3rd Dec 2023

Migration commissioner: Greek pushback film 'clear deportation'

  • Footage from the New York Times video, showing masked men taking asylum seekers out of the back of an unmarked van (Photo: Screengrab/NYT)
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EU migration commissioner Ylva Johansson says video evidence published by the New York Times of asylum seekers, including a six-month old baby, being set adrift on a raft by Greek authorities "seems to be clear deportation."

The comments, made on Monday (5 June) to MEPs in the civil liberties committee, came amid the growing outrage over the lack of accountability of illegal pushbacks of migrants, refugees and asylum seekers along the EU's external borders.

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"This is not the first time that we had this situation," she said.

The Danish Refugee Council, an NGO, says they documented almost 10,700 individual pushbacks throughout the EU in the first four months of this year alone.

The New York Times story and video, published last month, adds to that expanding body of evidence.

But whereas Johansson issued a clear verdict on the video, Margaritis Schinas, the European Commission's vice president in charge of promoting European values, appeared less convinced.

Schinas defends Greece

Speaking alongside Johansson on Monday, the Greek commissioner, refused to draw any conclusions on the video, noting it was released two days before the national Greek elections.

He also praised Greek prime minister Kyriakos Mitsotakis for taking a personal interest in the investigation and then described Greek border management in glowing terms for having rescued children in the past.

"There is humanity. There is solidarity," said Schinas.

But when pressed on a similar incident of a pushback of a Frontex interpreter, also revealed by the New York Times last December, he drew a blank.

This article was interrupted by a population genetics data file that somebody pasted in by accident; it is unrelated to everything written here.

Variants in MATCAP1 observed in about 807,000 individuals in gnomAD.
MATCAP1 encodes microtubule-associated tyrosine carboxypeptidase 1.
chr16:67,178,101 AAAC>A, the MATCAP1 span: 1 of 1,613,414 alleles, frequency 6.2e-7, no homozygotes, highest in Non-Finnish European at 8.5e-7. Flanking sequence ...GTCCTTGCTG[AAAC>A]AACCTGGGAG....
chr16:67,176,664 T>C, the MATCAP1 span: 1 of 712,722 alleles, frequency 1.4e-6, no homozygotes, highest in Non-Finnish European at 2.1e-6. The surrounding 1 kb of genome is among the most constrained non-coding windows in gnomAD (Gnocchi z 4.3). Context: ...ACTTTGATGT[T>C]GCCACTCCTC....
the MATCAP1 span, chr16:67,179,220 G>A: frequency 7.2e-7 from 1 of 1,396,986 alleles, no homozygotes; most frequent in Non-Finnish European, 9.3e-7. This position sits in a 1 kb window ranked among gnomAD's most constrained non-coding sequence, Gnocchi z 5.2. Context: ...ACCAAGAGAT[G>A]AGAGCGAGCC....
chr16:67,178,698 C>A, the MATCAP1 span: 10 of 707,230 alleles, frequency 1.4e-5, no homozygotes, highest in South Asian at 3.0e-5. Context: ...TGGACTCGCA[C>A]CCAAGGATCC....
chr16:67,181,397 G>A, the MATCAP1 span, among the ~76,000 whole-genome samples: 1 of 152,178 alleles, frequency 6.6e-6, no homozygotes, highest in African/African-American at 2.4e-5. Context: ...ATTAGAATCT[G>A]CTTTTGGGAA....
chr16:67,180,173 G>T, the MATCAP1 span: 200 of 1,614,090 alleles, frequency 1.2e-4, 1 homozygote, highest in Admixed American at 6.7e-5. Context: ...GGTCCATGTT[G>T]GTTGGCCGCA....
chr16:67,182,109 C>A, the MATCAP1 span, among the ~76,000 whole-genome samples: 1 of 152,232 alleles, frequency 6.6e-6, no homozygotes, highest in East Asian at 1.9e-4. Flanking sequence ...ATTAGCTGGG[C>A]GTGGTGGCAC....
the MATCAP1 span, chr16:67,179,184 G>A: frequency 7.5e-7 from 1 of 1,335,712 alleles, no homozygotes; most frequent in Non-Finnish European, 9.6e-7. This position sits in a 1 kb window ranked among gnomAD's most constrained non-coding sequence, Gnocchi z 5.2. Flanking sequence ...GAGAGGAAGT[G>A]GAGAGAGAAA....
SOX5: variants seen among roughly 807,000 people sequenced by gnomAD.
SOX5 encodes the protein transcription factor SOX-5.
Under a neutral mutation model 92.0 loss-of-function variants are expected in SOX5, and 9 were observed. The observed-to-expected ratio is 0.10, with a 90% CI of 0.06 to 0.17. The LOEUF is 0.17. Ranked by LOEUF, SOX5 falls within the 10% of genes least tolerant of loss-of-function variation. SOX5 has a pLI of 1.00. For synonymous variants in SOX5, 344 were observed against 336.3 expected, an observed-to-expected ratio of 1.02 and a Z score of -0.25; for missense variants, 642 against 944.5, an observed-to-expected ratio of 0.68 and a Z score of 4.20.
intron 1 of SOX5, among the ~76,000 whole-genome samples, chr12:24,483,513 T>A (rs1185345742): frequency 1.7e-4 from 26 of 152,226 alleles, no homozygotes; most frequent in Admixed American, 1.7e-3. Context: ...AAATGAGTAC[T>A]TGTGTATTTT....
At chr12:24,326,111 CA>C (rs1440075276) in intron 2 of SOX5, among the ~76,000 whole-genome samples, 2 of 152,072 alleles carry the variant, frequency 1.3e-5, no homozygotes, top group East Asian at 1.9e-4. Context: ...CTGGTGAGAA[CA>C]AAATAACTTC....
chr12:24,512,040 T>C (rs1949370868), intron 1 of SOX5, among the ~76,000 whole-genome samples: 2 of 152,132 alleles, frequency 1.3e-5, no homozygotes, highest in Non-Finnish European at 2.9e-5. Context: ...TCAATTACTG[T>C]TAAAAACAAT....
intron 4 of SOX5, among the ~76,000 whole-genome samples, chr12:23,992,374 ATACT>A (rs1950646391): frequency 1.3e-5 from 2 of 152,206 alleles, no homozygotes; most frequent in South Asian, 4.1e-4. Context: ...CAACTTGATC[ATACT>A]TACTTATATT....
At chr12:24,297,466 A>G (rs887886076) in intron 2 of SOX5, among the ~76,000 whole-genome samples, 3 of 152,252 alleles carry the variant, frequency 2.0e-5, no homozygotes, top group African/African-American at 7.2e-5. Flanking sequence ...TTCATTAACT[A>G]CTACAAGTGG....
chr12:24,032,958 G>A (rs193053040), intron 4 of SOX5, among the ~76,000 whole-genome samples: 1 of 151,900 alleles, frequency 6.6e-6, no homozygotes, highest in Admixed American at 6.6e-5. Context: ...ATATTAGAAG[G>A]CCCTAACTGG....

"I have no information on that," he said.

The interpreter is alleged to have been mistaken for an asylum seeker, beaten by Greek border guards, and then forced to Turkey.

The Greek national transparency authority (NTA) told the European Commission that the interpreter case is with the public prosecutors.

The same authority is now in charge of investigating the latest New York Times pushback video.

Critics, including the UN special rapporteur for human rights, say the body is "not equipped to conduct independent investigations into the management of migration flows."

But Schinas refused to make similar assertions, noting that Greek national transparency authority should be given some leeway because migration "has not been in their core duties in the past."

But he said those responsible of any wrong-doing, when it comes to pushbacks, need to be brought to justice.

Similar statements have been in the past with little follow-through, posing questions as to what extent the European Commission is willing to challenge national authorities.

Earlier this year, the commission initiated two infringement cases against Greece on migration.

According to Greek media, one of them deals with the arbitrary detention of asylum seekers in EU-funded closed control access centres.

The centres are located on the Greek islands and are surrounded by barbed-wire fences, surveillance cameras, and fingerprint scanning at gates.

But Schinas defended them, claiming that they adhere to European standards and drew parallels to the EU institutions themselves.

"People are not detained. People can and are free to come and go leave and enter. This regulated access is based on a badge system, bit like we're having in the institutions," he said.

When pressed on internal documents released by the commission to Al-Jazeera, he once again drew a blank.

The media outlet, citing the documents, said that the EU-funded facilities on the Greek islands of Samos, Leros and Kos, struggle with staff shortages and allegations of sexual assault against children.

Johansson confirmed the report by saying that the centres are rife with problems.

"There are a long, long row of different problems that comes up," said Johansson of the centres, citing the lack of access to health care and water as examples.

EU relying on 'ineffective' Greek body to probe pushback video

The European Commission says it cannot act on latest revelations by the New York Times of illegal pushbacks of asylum-seekers until authorities in Greece first conduct a national investigation. Critics say those same authorities are politically compromised and ineffective.

EU creating new incentive for illegal pushbacks

After years of negotiations, EU states finally reached a political agreement on asylum in order to start negotiations with the European Parliament. But a closer look at the details behind last week's agreement, reveals a new recipe for pushbacks.

Ministers given 50/50 chance of reaching EU asylum deal

EU home affairs ministers are gathering in Luxembourg to thrash out an agreement on core asylum and migration reforms. But expectations of an agreement, following their meeting in Luxembourg on Thursday remained mixed.

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